It’s important to do investigate illnesses, injuries and incidents to determine why they occurred and how to correct the situation to prevent further problems. Unfortunately, the frank assessments you make in these incident reports can be turned into evidence against you by OSHA inspectors and prosecutors.
One of the most effective ways to resolve this problem is by ensuring incident reports and other internal audits are protected by the attorney-client privilege. Here’s a memo showing how to ask your attorney for advice that you might want to keep confidential from OSHA and trial lawyers.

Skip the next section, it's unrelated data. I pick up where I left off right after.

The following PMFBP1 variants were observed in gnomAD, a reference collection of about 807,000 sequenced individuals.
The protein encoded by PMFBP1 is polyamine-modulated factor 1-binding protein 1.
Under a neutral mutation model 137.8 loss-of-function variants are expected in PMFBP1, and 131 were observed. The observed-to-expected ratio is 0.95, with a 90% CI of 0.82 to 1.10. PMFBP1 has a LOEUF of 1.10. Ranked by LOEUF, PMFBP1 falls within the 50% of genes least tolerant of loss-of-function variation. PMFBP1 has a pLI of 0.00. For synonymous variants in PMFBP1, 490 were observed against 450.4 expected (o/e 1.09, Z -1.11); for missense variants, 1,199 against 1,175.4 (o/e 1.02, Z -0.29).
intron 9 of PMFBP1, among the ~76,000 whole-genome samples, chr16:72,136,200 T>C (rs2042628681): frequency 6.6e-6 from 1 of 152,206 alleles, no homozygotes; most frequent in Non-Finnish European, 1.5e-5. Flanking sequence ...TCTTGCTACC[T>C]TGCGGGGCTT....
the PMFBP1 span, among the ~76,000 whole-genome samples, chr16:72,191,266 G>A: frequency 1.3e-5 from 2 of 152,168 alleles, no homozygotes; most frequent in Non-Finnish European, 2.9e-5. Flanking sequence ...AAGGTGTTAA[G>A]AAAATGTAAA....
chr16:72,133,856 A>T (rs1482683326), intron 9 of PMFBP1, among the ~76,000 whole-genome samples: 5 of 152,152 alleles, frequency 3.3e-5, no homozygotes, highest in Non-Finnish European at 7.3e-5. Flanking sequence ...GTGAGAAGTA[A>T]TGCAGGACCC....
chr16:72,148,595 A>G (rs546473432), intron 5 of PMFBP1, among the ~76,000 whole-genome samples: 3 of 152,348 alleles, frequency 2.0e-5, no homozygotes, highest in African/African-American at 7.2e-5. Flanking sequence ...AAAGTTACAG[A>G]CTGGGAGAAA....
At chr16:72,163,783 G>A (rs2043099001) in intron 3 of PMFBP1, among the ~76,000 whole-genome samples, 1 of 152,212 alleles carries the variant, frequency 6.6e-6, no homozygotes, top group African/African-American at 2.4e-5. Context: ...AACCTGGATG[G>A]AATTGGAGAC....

HOW TO USE THE TOOL
You can adapt the approach of this memo when seeking advice from your own attorney.
In this example, a company wants its attorney opinion on whether the company’s emergency response plan measures up to OSHA standards and, if not, what changes should be made. The attorney’s response might point out current violations of OSHA standards by the company so the company would obviously like to keep it confidential.